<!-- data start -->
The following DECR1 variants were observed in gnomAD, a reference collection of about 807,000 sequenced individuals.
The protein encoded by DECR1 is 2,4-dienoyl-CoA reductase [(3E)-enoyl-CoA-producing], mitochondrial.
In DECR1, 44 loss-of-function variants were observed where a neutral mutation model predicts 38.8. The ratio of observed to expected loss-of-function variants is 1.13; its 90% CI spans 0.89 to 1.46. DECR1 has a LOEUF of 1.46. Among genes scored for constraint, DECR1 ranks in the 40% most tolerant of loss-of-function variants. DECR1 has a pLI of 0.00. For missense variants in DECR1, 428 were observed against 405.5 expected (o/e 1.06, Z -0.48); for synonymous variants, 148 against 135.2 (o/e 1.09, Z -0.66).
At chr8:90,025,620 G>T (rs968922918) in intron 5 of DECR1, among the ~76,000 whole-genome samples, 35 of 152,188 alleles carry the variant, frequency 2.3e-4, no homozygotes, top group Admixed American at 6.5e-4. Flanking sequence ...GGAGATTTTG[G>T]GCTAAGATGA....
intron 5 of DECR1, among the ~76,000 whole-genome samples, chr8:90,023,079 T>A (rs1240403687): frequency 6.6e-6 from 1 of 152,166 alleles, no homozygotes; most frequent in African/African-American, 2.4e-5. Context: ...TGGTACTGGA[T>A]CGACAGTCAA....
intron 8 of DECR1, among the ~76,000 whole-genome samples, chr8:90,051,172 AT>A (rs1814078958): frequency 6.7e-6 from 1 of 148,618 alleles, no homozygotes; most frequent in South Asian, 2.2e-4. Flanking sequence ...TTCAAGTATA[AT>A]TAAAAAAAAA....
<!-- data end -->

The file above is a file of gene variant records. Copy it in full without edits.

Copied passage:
The following DECR1 variants were observed in gnomAD, a reference collection of about 807,000 sequenced individuals.
The protein encoded by DECR1 is 2,4-dienoyl-CoA reductase [(3E)-enoyl-CoA-producing], mitochondrial.
In DECR1, 44 loss-of-function variants were observed where a neutral mutation model predicts 38.8. The ratio of observed to expected loss-of-function variants is 1.13; its 90% CI spans 0.89 to 1.46. DECR1 has a LOEUF of 1.46. Among genes scored for constraint, DECR1 ranks in the 40% most tolerant of loss-of-function variants. DECR1 has a pLI of 0.00. For missense variants in DECR1, 428 were observed against 405.5 expected (o/e 1.06, Z -0.48); for synonymous variants, 148 against 135.2 (o/e 1.09, Z -0.66).
At chr8:90,025,620 G>T (rs968922918) in intron 5 of DECR1, among the ~76,000 whole-genome samples, 35 of 152,188 alleles carry the variant, frequency 2.3e-4, no homozygotes, top group Admixed American at 6.5e-4. Flanking sequence ...GGAGATTTTG[G>T]GCTAAGATGA....
intron 5 of DECR1, among the ~76,000 whole-genome samples, chr8:90,023,079 T>A (rs1240403687): frequency 6.6e-6 from 1 of 152,166 alleles, no homozygotes; most frequent in African/African-American, 2.4e-5. Context: ...TGGTACTGGA[T>A]CGACAGTCAA....
intron 8 of DECR1, among the ~76,000 whole-genome samples, chr8:90,051,172 AT>A (rs1814078958): frequency 6.7e-6 from 1 of 148,618 alleles, no homozygotes; most frequent in South Asian, 2.2e-4. Flanking sequence ...TTCAAGTATA[AT>A]TAAAAAAAAA....